Report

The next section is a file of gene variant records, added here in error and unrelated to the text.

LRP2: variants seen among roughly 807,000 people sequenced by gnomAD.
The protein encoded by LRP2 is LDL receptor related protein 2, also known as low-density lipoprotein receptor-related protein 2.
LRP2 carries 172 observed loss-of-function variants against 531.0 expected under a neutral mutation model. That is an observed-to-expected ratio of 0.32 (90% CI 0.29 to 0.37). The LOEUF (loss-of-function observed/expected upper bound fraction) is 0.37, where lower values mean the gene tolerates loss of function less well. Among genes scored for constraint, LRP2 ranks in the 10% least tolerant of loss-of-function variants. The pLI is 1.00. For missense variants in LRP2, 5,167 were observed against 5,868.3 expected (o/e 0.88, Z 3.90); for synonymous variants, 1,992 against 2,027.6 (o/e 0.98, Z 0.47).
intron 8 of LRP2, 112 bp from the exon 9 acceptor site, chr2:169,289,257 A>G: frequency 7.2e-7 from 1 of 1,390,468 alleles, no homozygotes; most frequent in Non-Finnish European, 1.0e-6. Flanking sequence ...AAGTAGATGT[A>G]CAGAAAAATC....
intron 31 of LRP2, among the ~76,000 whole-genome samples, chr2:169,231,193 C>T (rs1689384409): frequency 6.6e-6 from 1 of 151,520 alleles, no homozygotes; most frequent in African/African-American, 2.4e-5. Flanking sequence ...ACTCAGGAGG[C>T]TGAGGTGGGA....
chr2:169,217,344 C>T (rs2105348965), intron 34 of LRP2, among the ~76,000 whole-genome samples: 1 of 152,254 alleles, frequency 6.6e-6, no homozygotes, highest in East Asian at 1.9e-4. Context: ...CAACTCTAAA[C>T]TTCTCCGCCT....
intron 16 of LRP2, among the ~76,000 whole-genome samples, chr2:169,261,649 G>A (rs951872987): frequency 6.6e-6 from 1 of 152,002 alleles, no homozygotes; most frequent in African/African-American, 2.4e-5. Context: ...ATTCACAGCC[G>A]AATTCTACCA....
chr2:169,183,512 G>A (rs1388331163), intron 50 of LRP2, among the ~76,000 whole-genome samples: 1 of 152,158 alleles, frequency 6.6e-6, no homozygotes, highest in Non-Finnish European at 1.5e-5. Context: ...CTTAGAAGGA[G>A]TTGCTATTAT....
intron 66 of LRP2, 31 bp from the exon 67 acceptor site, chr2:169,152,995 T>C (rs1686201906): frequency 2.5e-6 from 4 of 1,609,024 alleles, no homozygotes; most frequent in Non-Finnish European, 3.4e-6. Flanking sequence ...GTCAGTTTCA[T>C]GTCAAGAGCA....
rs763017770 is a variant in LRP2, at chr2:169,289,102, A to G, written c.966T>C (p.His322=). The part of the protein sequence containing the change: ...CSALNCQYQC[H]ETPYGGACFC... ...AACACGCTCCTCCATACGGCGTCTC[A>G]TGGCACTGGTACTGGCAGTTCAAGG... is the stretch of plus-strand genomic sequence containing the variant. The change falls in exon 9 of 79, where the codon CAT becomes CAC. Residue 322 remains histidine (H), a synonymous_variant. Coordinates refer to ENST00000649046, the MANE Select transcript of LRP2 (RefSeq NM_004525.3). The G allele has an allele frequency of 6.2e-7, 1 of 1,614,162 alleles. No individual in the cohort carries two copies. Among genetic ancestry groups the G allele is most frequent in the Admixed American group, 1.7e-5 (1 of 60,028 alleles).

Patient Education: lessons learnt from ABACUS Dr Katharine Barnard CPsychol AFBPsS May 2013 Imagine • You have a puzzle that you cannot solve • Every day you think carefully about the puzzle but there is no solution • Some days the solution to the puzzle is tantalisingly close • Other days the solution is elusive • You ask others if they have the solution but they do not Imagine • If you had to live life like this every single day ... • For the rest of your life … • And that your life depended on … your being able to solve that puzzle Sword of damocles • Go blind • Foot amputation • Kidney failure • Cardiovascular disease Burden of Diabetes People feel: • Isolated • Lonely • Ugly • Afraid • Burned-out Bolus Calculations • You have insulin treated diabetes • You eat carbohydrates • You need an insulin bolus every time you eat CHO’s • You have an I:CHO ratio, an ISF and a target range Example One • Current blood glucose = 5.5 • I:CHO ratio = 1 unit of insulin for 10g CHO • ISF = 1 unit of insulin to reduce by 2 • Target range = 4-7 • 100g CHO meal Example One • Current blood glucose = 5.5 • I:CHO ratio = 1 unit of insulin for 10g CHO • ISF = 1 unit of insulin to reduce by 2 • Target range = 4-7 • 100g CHO meal • Units of insulin required = 10 units Example Two • Current blood glucose = 5.5 • Add exercise after meal = 60 minutes • 60 minutes’ exercise will drop bg by 6 • I:CHO ratio = 1 unit of insulin for 10g CHO • ISF = 1 unit of insulin to reduce by 2 • Target range = 4-7 • 100g CHO meal Example Two • Current blood glucose = 5.5 • Add exercise after meal = 60 minutes • 60 minutes’ exercise will drop bg by 6 • I:CHO ratio = 1 unit of insulin for 10g CHO • ISF = 1 unit of insulin to reduce by 2 • Target range = 4-7 • 100g CHO meal • Units of insulin required = 7 units Let’s Be More Realistic • What if: • Current bg level is 9.3 • I:CHO ratio = 1 unit of insulin for 8g CHO • Meal contains 67g CHO • Doing 45 minutes of exercise • ISF = 1 unit to reduce by 2 • How many units now? Let’s Be More Realistic • What if: • Current bg level is 9.3 • I:CHO ratio = 1 unit of insulin for 8g CHO • Meal contains 67g CHO • Doing 45 minutes of exercise • ISF = 1 unit to reduce by 2 • Units of insulin required = 7.5 units Maths Check “I tried to check the maths. I have grade A "A level" maths (passed with 100%) and was originally accepted to Cambridge to study physics and despite this, when I checked your numbers, I felt overwhelmed and went to pieces and honestly can't do the sums”. 13 Margin of Error • ‘Best guess’ approach • ‘Little bit wrong’ every bolus dose • What would be the cumulative effect of all of those errors? Hidden Difficulties • 45% of UK adults have only primary school maths (aged >10 yrs) • Approximately 20% of adults lack basic numeracy skills • Diabetes is non-discriminatory • GCSE maths (aged 16 yrs) is required to calculate a bolus dose accurately • CHO counting alone is insufficient Does Use of an Insulin Bolus Advisor Improve Glycemic Control in Patients Not Achieving Optimal Control Using MDI? Results of the Automated Bolus Advisor Control and Usability Study (ABACUS) Ralph Ziegler, David A. Cavan, Iain Cranston, Katharine Barnard, Jacqueline Ryder, Claudia Vogel, Christopher G. Parkin, Walter Koehler, Iris Vesper, Bettina Petersen, Matthias Axel Schweitzer, Robin S. Wagner Manual Bolus Calculation Creates Obstacles for Patients • Discourages adherence to therapy: – Manual bolus calculation is complex, difficult, time-consuming, and requires mathematical skills and competence in carbohydrate counting – Patients may skip a bolus or rely on empirical estimates, which can lead to severe clinical consequences1,2 • Compromises patient safety: – Manual calculation does not account for the effect of active insulin remaining from previous bolus, which can lead to inappropriate “stacking” of boluses, resulting in hypoglycemia3 1. Pickup J et all. Diabetes Care 2002;25:593-598. 2. Bode BW et al, Diabetes Metab Res Rev 2002;18 (Suppl 1):S14-S20. 3. DeWitt DE and Hirsch IB. JAMA 2003;289(17):2254-2264. Study Overview • Primary Objective: – Determine if use of an insulin bolus advisor improves glycemic control • Study Goal: – Decrease HbA1c by >0.5% in each participant • Secondary Objectives: – Improvements in glycemic variability – Bolus advisor use and adherence to MDI rules – Changes in psychosocial factors – Frequency and severity of hypoglycemia Accu-Chek® Aviva Expert The Accu-Chek® Aviva Expert blood glucose meter: • Contains an integrated bolus advisor • Presents meal and correction bolus recommendations based upon current bG value, planned CHO intake and patient-specific therapy parameters stored in the device • Stores blood glucose and meal information in an electronic diary Study Protocol • All Participants – 6-month randomised trial using Accu-Chek Aviva Expert meter (EXP) vs Accu-Check Aviva Nano (CNL) – Baseline CHO Counting/MDI competency assessments and remedial training based on identified deficits (knowledge/DAFNE plates) – Psychosocial Assessments at baseline and study end – Structured SMBG (3-Day, 7-Point Profiles) at beginning, midpoint and end of study – SMBG data downloaded and reviewed at every visit to adjust treatment parameters – Continuous Glucose Monitoring (CGM) in “blinded” mode (approximately 50% of subjects) at beginning, midpoint and end of study Study Timeline Total intervention is 24 weeks Visit 1 Visit 3 Visit 5 Screening Start Start CGM BA 0 Visit 2 Train and Randomize Visit 4 Tx Check (phone) Visit 7 Visit 9 Therapy Check Therapy Check Study End 4 12 24 Visit 6 Start CGM Visit 8 Visit 10 Start CGM Type 1 and Type 2 >7.5 HbA1c MDI Therapy Training in MDI/CHO Counting within past 2 years Call Interventions • Control Participants (CNL) – Monitored blood glucose and manually calculated bolus insulin dosages based on test results – Insulin dosage parameters were checked/adjusted at all visits • Intervention Participants (EXP) – Monitored blood glucose and used Bolus Advisor to calculate bolus insulin dosages – Insulin dosage parameters in Bolus Advisor were checked/adjusted and updated in device at all visits Participant Disposition Screened n=229 Drop-outs n=11 8 eligibility not met 3 withdrew consent Randomized n=218 Control Intervention n=113 n=105 Drop-outs n=20 9 withdrew consent 4 noncompliant 3 withdrew consent and noncompliant 1 surgery/illness 3 lost to follow up/other Drop-outs n=5 Completers Completers n=93 n=100 2 noncompliance 1 withdrew consent and noncompliant 1 surgery/illness 1 pregnancy %Completers Achieving >0.5% HbA1c Reduction All Completers • Bolus advisor use was associated with a 63% greater chance for achieving HbA1c reduction of >0.5% • Average HbA1c reduction of -1.2% in both groups Glycemic Variability (CGM) Mean Amplitude of Glucose Excursion (MAGE) 3-Day Profile Days: All CGM Completers Changes in MAGE correlated with SD of glucose values (r = 0.87) and were independent of education level, diabetes duration, duration of MDI and gender Frequency of bG <50 mg/dL / 2.8 mmol/L Values <50 mg/dL / 2.8 mmol/L (%) All Completers 8 p=0.5880 p=0.1251 p=0.0764 p=0.0519 p=0.4698 p=0.1639 p=0.8876 p=0.8703 50 75 86 90 85 91 85 91 85 91 86 91 86 92 7 6 5 4 3 2 1 0 -1 N= 86 92 V1-2 V2-3 V3-4 Control V4-5 V5-6 V6-7 V7-8 V8-9 Intervention Use of the Bolus Advisor not associated with increased frequency of severe hypoglycemia CHO and MDI Knowledge Assessments and Checklists CHO and MDI Knowledge Association with Baseline HbA1c High competency (Perfect Score) in CHO/MDI knowledge was associated with lower HbA1c values 28 Carbohydrate Counting Assessment DAFNE Plates CHO Counting Competency Completers Control (N=113) Baseline 1.6 (10.1) / 14.6 (9.7) MME (Accuracy) g MMAE (Variability) g V9 1.0 (9.7) / 13.3 (9.9) Intervention (N=105) Baseline 1.0 (10.1) / 15.2 (9.0) V9 0.3 (7.1) / 12.4 (7.3) Significant improvement in MMAE (- 2.8 (8.2), p<0.01) and a trend towards improvement in MME in the EXP group but no change in CNL Use of MDI Rule Sets Control Patient-recorded bolus calculations from 3-day profiles were checked to determine if their stated I:CHO and ISF rules were used in a mathematically correct manner for each bolus calculation Bolus Advisor Utilization Intervention All (n=105) Advice used during study (SD), % 73.5 (21.9) Advices sought per day (SD), n 2.8 (1.2) Advices accepted per day (SD), n 2.5 (1.1) Advices modified per day (SD), n 0.3 (0.5) Doses adjusted up per day (SD), n 0.1 (0.2) Doses adjusted down per day (SD), n 0.2 (0.4) • High percentage of use, overall; however daily frequency of advice sought decreased significantly (-0.2 per day, p<0.01) by study end • Patients were twice as likely to reduce their insulin vs. increase dose Bolus Advisor Utilization Changes of Parameters • Significantly more EXP than CNL patients had changes in their insulin sensitivity factor (ISF) settings at Week 4 (24.5% vs. 10.8%, p<0.05) and Week 12 (29.3% vs. 8,6%, p<0.01). • The number of different ISF settings used during the day were increased significantly in EXP vs. CNL patients at all visits (p<0.05). • The number of ISF settings significantly increased longitudinally from baseline to study end in EXP but not CNL patients (p<0.05). • The number of changes in I:CHO settings showed a similar not statistically significant trend, with more EXP than CNL patients receiving I:CHO changes at Week 4 (35.7% vs. 25.8%, p=NS) and Week 12 (44.4% vs. 33.0%, p=NS). • The number of I:CHO settings significantly increased longitudinally in EXP but not CNL patients from the start to the end of the study (p<0.05). Treatment Satisfaction Improvement in DTSQ score from Baseline: Completers • EXP patients reported significantly greater improvement in treatment satisfaction from baseline than CNL patients • Baseline for CNL and EXP: 27.9 (6.1) vs. 28.0 (6.1); p=NS Summary • More EXP participants achieved >0.5% HbA1c reduction than CNL • Use of Bolus Advisor was a/w reduced glycemic variability but not higher frequency of severe hypos • Overall, participants sought/accepted bolus advice around 75% of the time • Participants using manual bolus calculation followed their “Rule Sets” only 26% to 47% of the time • Use of bolus advisor is a/w improved CHO competency • Participants who used the bolus advisor had more frequent changes in and more different I:CHO and ISF parameters Key Messages • CHO-counting and MDI skills at baseline are variable (despite education – so should such education include an assessment of skills learnt?) • There was an improvement in CHO estimation in the Expert group and an overall benefit in the Expert group • Bolus calculators can facilitate greater diabetes control • People use devices differently - use should ‘best fit’ with individual needs and personal circumstances Key Questions: • Do people with diabetes really understand and value the importance of accurate CHO counting? • How easy is it to fit accurate CHO counting into daily living realistically? • Do we support self-efficacy in CHO counting in the personal context of diabetes? • Is it possible to put education into context of everyday living against competing priorities? 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